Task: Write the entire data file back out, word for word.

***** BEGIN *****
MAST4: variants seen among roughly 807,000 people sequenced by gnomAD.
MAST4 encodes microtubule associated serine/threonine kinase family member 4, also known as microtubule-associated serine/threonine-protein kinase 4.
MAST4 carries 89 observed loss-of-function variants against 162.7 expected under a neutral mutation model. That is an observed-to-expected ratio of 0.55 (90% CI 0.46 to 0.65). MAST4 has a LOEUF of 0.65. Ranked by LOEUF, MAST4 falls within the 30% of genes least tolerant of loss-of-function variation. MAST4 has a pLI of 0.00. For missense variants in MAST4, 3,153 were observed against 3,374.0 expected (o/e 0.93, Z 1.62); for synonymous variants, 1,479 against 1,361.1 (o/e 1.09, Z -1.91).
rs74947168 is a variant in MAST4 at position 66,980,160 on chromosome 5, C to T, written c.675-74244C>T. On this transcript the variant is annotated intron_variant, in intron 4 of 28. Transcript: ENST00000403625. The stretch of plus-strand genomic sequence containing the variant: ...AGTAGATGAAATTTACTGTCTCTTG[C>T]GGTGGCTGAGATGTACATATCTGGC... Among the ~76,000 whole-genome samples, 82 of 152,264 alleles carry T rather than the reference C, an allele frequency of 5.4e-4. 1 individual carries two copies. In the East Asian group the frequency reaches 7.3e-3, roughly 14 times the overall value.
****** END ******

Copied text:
MAST4: variants seen among roughly 807,000 people sequenced by gnomAD.
MAST4 encodes microtubule associated serine/threonine kinase family member 4, also known as microtubule-associated serine/threonine-protein kinase 4.
MAST4 carries 89 observed loss-of-function variants against 162.7 expected under a neutral mutation model. That is an observed-to-expected ratio of 0.55 (90% CI 0.46 to 0.65). MAST4 has a LOEUF of 0.65. Ranked by LOEUF, MAST4 falls within the 30% of genes least tolerant of loss-of-function variation. MAST4 has a pLI of 0.00. For missense variants in MAST4, 3,153 were observed against 3,374.0 expected (o/e 0.93, Z 1.62); for synonymous variants, 1,479 against 1,361.1 (o/e 1.09, Z -1.91).
rs74947168 is a variant in MAST4 at position 66,980,160 on chromosome 5, C to T, written c.675-74244C>T. On this transcript the variant is annotated intron_variant, in intron 4 of 28. Transcript: ENST00000403625. The stretch of plus-strand genomic sequence containing the variant: ...AGTAGATGAAATTTACTGTCTCTTG[C>T]GGTGGCTGAGATGTACATATCTGGC... Among the ~76,000 whole-genome samples, 82 of 152,264 alleles carry T rather than the reference C, an allele frequency of 5.4e-4. 1 individual carries two copies. In the East Asian group the frequency reaches 7.3e-3, roughly 14 times the overall value.